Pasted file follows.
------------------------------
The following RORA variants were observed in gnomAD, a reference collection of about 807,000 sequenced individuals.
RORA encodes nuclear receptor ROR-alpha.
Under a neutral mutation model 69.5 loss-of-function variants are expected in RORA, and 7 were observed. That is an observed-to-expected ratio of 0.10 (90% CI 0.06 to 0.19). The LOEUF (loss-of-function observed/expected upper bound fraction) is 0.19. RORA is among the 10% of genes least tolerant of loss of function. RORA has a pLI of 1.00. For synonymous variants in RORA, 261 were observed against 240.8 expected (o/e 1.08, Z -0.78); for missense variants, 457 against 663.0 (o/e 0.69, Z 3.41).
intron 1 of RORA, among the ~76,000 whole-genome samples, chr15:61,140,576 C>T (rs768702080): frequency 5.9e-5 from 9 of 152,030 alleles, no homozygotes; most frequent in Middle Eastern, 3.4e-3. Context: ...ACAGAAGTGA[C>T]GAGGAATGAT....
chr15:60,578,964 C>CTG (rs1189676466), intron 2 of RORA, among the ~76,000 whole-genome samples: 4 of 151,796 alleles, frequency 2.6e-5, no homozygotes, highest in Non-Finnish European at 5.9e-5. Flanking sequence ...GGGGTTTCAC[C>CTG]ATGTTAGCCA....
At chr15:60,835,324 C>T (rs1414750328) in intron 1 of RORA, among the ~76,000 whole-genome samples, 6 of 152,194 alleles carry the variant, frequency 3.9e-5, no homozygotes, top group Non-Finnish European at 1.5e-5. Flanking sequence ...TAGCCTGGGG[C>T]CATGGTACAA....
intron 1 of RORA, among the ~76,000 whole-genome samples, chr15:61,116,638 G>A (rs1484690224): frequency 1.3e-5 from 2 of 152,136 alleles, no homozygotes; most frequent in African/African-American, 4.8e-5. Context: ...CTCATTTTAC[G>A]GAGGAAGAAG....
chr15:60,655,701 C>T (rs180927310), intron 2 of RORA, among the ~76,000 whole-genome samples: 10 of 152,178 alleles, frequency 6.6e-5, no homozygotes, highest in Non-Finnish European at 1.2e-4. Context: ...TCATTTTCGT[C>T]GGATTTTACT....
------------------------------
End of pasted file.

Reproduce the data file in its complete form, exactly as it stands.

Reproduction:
The following RORA variants were observed in gnomAD, a reference collection of about 807,000 sequenced individuals.
RORA encodes nuclear receptor ROR-alpha.
Under a neutral mutation model 69.5 loss-of-function variants are expected in RORA, and 7 were observed. That is an observed-to-expected ratio of 0.10 (90% CI 0.06 to 0.19). The LOEUF (loss-of-function observed/expected upper bound fraction) is 0.19. RORA is among the 10% of genes least tolerant of loss of function. RORA has a pLI of 1.00. For synonymous variants in RORA, 261 were observed against 240.8 expected (o/e 1.08, Z -0.78); for missense variants, 457 against 663.0 (o/e 0.69, Z 3.41).
intron 1 of RORA, among the ~76,000 whole-genome samples, chr15:61,140,576 C>T (rs768702080): frequency 5.9e-5 from 9 of 152,030 alleles, no homozygotes; most frequent in Middle Eastern, 3.4e-3. Context: ...ACAGAAGTGA[C>T]GAGGAATGAT....
chr15:60,578,964 C>CTG (rs1189676466), intron 2 of RORA, among the ~76,000 whole-genome samples: 4 of 151,796 alleles, frequency 2.6e-5, no homozygotes, highest in Non-Finnish European at 5.9e-5. Flanking sequence ...GGGGTTTCAC[C>CTG]ATGTTAGCCA....
At chr15:60,835,324 C>T (rs1414750328) in intron 1 of RORA, among the ~76,000 whole-genome samples, 6 of 152,194 alleles carry the variant, frequency 3.9e-5, no homozygotes, top group Non-Finnish European at 1.5e-5. Flanking sequence ...TAGCCTGGGG[C>T]CATGGTACAA....
intron 1 of RORA, among the ~76,000 whole-genome samples, chr15:61,116,638 G>A (rs1484690224): frequency 1.3e-5 from 2 of 152,136 alleles, no homozygotes; most frequent in African/African-American, 4.8e-5. Context: ...CTCATTTTAC[G>A]GAGGAAGAAG....
chr15:60,655,701 C>T (rs180927310), intron 2 of RORA, among the ~76,000 whole-genome samples: 10 of 152,178 alleles, frequency 6.6e-5, no homozygotes, highest in Non-Finnish European at 1.2e-4. Context: ...TCATTTTCGT[C>T]GGATTTTACT....